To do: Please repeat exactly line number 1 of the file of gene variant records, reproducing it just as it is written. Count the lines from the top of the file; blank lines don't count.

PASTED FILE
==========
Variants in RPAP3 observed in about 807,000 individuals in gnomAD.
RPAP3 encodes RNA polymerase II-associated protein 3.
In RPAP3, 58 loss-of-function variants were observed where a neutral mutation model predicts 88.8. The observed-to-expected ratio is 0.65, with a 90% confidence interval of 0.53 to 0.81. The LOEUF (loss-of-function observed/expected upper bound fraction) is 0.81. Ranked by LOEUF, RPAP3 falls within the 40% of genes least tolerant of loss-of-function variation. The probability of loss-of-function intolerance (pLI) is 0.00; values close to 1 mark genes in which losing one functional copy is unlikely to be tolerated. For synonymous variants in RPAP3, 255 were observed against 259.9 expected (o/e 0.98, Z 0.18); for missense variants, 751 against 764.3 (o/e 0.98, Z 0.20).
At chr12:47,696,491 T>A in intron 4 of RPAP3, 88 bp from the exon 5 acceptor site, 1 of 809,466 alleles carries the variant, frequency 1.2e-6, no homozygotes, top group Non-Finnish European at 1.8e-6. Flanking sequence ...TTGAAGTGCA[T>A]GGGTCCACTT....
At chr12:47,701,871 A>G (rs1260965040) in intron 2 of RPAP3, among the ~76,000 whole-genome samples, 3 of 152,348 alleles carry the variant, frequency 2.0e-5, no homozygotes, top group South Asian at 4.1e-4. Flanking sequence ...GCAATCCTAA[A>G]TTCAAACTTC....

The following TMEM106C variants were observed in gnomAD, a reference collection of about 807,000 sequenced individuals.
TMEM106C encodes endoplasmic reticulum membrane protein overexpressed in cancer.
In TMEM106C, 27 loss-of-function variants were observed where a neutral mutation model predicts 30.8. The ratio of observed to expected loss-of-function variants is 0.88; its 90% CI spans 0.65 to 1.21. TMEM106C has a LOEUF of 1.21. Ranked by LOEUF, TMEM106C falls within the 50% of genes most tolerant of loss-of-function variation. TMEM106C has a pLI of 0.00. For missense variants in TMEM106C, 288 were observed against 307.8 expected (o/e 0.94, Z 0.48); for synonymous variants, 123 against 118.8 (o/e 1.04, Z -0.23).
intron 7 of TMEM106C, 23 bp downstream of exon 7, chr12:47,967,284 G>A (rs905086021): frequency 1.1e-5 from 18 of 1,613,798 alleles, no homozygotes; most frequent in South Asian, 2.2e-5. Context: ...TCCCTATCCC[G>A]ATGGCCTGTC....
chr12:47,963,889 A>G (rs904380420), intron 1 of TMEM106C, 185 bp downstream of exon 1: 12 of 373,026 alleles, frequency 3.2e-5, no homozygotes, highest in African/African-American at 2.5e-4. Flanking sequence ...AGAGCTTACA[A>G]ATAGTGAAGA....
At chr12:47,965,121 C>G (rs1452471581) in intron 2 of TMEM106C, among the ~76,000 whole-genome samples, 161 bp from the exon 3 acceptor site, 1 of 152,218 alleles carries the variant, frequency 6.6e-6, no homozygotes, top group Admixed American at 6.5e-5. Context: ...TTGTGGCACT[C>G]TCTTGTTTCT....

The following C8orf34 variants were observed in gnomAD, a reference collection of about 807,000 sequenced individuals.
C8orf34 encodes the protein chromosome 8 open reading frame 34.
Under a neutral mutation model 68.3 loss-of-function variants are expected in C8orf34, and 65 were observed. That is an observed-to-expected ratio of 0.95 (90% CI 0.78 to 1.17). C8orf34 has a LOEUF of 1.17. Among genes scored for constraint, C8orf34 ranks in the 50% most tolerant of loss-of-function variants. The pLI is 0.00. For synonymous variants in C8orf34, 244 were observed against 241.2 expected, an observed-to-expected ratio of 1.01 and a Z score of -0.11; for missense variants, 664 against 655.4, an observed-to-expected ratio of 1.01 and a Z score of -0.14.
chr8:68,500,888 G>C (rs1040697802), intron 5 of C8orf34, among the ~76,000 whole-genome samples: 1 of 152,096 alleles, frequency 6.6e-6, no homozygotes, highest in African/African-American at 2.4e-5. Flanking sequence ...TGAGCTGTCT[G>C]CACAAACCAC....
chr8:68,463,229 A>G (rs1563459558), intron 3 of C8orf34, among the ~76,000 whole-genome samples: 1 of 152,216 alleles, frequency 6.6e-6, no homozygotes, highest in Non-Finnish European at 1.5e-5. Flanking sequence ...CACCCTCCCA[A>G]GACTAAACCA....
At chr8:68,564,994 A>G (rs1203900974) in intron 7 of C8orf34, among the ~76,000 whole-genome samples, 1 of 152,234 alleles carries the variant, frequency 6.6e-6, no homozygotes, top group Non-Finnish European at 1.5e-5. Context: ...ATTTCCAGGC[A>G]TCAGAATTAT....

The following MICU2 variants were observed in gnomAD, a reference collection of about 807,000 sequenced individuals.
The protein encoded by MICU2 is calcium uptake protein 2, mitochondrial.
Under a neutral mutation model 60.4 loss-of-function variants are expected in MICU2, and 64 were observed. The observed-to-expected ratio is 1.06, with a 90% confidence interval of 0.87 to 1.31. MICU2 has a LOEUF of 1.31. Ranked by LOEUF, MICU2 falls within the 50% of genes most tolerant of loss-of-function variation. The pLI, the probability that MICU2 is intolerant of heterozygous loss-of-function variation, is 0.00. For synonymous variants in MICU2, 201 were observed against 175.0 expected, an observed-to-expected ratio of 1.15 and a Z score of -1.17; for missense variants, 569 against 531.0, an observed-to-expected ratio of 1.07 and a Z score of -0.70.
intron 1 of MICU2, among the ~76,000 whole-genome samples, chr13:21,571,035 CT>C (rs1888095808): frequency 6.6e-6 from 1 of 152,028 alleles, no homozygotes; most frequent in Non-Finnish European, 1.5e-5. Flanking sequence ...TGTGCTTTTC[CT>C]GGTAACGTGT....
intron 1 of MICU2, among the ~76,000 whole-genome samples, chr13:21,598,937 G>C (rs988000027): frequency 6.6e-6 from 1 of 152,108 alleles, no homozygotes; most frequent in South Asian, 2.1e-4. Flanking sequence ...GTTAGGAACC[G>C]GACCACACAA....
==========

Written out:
Variants in RPAP3 observed in about 807,000 individuals in gnomAD.